At the beginning of 2020, which feels like a lifetime ago now, I decided I was going to do something that I hadn’t in a while: I was going to keep a “year list,” a list of all the bird species that I was over the course of the year. Although I had a job that required writing about birds and thinking about birds and talking with bird scientists almost every day, I’d spent less and less time in recent years actually out birdwatching, and I wanted to change that. With travel plans that included conferences in Puerto Rico and Boulder, Colorado, as well as a week-long family trip to the Oregon coast, I knew I’d be able rack up some good variety. I made myself one promise, though: this was going to be a “lazy” list. My goal was to encourage myself to pay more attention to the birds around me, but I wasn’t going to stress out over reaching a certain “impressive” number; I was just going to see what I saw, with zero pressure on myself.
You know where this is going — none of those trips happened. Since mid-March, all of my birding has happened within about a five-mile radius of my house. But in a way, that’s been the perfect situation for working on my lazy list.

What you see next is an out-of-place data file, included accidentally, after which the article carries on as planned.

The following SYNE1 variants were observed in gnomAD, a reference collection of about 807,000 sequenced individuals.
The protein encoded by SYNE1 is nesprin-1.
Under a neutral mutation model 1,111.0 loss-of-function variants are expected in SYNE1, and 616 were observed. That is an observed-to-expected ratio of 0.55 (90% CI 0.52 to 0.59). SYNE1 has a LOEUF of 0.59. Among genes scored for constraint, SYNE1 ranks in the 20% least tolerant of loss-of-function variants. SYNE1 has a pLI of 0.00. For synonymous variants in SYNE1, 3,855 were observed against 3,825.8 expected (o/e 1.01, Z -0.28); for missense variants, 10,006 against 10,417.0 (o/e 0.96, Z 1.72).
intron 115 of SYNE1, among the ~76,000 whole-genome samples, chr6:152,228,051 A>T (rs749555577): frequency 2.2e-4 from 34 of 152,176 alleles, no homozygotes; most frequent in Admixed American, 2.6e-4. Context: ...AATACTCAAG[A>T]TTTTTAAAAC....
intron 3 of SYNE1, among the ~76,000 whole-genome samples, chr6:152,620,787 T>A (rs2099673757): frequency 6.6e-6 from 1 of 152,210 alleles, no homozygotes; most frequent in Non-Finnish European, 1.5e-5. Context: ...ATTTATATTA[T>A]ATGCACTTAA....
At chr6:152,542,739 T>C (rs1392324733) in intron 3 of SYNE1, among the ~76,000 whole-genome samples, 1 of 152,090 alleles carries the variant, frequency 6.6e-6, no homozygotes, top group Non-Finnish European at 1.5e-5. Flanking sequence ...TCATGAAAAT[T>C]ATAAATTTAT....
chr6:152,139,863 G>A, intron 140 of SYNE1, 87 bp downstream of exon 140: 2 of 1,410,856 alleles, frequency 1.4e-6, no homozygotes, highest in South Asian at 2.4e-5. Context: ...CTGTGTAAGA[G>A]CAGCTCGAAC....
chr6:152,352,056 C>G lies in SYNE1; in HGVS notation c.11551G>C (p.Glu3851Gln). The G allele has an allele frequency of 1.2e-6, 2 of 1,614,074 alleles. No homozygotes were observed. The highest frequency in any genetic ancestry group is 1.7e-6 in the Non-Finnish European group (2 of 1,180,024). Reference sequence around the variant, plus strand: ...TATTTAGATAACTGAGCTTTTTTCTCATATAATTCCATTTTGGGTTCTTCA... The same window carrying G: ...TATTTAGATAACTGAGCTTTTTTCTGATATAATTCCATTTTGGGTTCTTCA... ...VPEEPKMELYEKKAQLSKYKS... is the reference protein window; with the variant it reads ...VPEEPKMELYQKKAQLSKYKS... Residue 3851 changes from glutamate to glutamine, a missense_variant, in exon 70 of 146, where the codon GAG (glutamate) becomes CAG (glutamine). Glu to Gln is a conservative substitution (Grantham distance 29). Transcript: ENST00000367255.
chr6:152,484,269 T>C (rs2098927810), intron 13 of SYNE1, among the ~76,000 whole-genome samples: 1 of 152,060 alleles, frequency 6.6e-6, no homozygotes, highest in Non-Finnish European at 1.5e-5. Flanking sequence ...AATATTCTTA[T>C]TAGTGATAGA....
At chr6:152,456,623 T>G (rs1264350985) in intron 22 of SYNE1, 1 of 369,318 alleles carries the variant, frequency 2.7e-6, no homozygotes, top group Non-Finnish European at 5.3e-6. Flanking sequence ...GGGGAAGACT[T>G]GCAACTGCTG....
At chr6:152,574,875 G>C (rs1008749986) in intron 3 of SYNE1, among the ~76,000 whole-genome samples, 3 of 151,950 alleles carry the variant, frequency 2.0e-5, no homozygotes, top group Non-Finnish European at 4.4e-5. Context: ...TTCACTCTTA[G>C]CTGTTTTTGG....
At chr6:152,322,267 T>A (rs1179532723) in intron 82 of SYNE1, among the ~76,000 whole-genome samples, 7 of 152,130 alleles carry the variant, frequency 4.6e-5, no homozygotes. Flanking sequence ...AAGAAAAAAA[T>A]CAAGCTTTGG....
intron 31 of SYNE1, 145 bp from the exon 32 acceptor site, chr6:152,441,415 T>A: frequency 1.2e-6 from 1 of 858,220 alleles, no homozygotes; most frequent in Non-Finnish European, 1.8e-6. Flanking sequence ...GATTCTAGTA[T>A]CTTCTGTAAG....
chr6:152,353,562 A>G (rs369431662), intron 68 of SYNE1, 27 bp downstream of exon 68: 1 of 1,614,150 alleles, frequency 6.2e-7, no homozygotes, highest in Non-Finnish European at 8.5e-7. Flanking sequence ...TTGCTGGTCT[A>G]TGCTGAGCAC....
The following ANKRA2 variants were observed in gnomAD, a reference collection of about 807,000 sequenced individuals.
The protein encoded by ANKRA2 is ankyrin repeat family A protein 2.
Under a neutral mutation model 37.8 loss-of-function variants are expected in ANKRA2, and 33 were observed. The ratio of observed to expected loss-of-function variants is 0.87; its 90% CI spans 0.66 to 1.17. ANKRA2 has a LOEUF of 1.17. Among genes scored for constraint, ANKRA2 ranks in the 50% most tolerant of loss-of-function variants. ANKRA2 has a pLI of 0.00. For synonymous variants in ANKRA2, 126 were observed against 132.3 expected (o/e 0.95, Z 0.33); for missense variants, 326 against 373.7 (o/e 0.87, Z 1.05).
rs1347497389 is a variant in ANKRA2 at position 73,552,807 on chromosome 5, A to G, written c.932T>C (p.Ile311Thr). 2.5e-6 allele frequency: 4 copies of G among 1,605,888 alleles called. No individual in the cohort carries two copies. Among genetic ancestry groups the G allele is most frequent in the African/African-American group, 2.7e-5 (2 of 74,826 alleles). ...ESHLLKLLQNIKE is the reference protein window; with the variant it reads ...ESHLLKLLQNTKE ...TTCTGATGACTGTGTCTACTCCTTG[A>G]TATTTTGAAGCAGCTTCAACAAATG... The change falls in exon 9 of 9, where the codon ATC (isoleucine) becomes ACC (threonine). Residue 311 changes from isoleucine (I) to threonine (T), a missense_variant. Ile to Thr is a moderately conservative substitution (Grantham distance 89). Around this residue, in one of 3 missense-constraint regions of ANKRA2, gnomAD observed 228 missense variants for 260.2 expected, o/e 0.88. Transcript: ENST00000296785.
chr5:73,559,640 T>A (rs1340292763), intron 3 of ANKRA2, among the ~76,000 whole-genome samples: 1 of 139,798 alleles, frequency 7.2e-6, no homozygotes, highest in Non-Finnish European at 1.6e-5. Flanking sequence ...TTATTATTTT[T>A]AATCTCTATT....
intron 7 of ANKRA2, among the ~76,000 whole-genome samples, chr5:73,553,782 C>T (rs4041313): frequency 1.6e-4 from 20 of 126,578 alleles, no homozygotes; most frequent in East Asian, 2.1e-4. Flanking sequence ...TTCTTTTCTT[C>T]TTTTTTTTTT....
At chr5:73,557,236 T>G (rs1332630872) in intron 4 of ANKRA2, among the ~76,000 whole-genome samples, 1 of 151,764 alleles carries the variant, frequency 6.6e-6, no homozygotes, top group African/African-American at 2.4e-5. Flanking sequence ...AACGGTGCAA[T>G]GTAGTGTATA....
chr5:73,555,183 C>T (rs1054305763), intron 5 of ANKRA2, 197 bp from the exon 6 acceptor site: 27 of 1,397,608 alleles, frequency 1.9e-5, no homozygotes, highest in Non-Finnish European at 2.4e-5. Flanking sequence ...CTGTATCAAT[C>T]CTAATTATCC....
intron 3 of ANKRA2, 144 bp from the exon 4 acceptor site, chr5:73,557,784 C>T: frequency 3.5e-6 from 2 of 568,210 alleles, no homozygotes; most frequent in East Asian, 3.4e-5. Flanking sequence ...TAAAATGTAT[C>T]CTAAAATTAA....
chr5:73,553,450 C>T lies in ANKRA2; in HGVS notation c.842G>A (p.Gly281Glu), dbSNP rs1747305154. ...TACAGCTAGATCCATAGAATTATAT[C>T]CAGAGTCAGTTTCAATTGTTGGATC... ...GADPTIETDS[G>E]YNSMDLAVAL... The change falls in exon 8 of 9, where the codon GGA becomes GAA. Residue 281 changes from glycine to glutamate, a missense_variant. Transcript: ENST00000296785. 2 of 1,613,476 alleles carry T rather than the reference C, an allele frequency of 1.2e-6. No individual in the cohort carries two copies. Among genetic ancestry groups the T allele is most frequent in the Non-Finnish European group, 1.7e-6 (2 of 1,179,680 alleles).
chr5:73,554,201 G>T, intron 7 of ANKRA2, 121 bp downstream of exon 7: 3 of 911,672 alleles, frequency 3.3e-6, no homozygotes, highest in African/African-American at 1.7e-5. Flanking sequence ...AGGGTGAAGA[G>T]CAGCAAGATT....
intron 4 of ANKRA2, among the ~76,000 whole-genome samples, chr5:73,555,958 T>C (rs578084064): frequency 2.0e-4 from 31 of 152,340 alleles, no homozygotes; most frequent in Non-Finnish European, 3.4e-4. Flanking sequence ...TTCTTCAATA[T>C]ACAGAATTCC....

With nothing else to do, we started going on weekly nature walks as a family, returning again and again to the same tiny nature area in a city park near our house. It yielded unexpected gifts: Varied Thrushes singing as they passed through on their way to their breeding grounds closer to the coast. A Rough-legged Hawk wheeling high overhead weeks after I thought they would have all left for the Arctic. Lazuli Buntings appearing out of nowhere one week to fill every tree with flashes of turquoise. I started learning to pick out the songs of different flycatcher species (something I’ve always been fuzzy on). My two-year-old added words like “hawk,” “dove,” “robin,” and “sparrow” to his vocabulary.
As of today, my year list stands at 100 species. The most recent addition was an Eastern Kingbird I spotted earlier this month. I know plenty of birders who topped that number in a single day during spring migration. Do I care? Nah. I’m having fun.
I feel like listing can be intimidating for people just getting into birds, but I’d highly recommend some sort of “lazy” list (life list, year list, yard list, whatever) as a way to keep yourself engaged while taking the pressure off. Are you a lister? How seriously do you take it? Let me know!